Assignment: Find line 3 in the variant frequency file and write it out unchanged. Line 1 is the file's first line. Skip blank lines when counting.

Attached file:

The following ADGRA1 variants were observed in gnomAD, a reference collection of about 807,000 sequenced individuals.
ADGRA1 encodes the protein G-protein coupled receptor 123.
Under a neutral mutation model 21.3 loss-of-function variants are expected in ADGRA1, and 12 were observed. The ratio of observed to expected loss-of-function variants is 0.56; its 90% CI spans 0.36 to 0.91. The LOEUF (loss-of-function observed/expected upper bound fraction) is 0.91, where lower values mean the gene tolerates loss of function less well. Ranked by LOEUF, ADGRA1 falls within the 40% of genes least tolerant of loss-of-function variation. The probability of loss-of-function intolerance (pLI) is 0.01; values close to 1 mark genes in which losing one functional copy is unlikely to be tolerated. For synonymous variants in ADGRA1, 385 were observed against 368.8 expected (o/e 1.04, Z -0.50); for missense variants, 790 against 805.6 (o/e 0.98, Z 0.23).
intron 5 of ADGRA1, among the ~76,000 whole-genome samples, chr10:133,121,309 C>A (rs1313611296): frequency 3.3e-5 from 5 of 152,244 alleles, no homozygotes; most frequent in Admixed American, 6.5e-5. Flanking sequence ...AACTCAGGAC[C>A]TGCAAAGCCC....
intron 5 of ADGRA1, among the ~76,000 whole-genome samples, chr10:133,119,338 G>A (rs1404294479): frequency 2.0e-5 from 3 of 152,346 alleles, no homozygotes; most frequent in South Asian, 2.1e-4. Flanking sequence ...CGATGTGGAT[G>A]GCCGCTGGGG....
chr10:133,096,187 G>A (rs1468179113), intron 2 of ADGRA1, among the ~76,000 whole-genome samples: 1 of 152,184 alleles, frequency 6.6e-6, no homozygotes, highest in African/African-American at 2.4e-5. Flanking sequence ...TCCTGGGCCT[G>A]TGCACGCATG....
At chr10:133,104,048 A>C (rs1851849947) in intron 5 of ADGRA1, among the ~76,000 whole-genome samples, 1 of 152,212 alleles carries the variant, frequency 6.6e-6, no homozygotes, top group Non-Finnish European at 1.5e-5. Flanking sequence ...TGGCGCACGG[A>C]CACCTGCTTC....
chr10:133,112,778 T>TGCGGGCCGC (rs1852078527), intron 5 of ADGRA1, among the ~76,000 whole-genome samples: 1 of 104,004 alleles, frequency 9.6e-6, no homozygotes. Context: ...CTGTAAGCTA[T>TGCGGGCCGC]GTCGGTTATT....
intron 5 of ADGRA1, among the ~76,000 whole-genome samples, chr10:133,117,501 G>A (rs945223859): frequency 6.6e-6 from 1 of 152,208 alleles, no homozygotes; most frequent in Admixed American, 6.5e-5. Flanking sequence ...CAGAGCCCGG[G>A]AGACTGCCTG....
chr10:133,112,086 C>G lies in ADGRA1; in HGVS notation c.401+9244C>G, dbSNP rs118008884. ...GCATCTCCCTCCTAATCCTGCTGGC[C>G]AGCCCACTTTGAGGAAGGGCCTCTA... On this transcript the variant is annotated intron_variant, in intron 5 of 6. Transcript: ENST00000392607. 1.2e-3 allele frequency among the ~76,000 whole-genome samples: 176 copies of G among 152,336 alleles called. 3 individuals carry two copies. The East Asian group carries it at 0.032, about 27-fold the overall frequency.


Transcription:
Under a neutral mutation model 21.3 loss-of-function variants are expected in ADGRA1, and 12 were observed. The ratio of observed to expected loss-of-function variants is 0.56; its 90% CI spans 0.36 to 0.91. The LOEUF (loss-of-function observed/expected upper bound fraction) is 0.91, where lower values mean the gene tolerates loss of function less well. Ranked by LOEUF, ADGRA1 falls within the 40% of genes least tolerant of loss-of-function variation. The probability of loss-of-function intolerance (pLI) is 0.01; values close to 1 mark genes in which losing one functional copy is unlikely to be tolerated. For synonymous variants in ADGRA1, 385 were observed against 368.8 expected (o/e 1.04, Z -0.50); for missense variants, 790 against 805.6 (o/e 0.98, Z 0.23).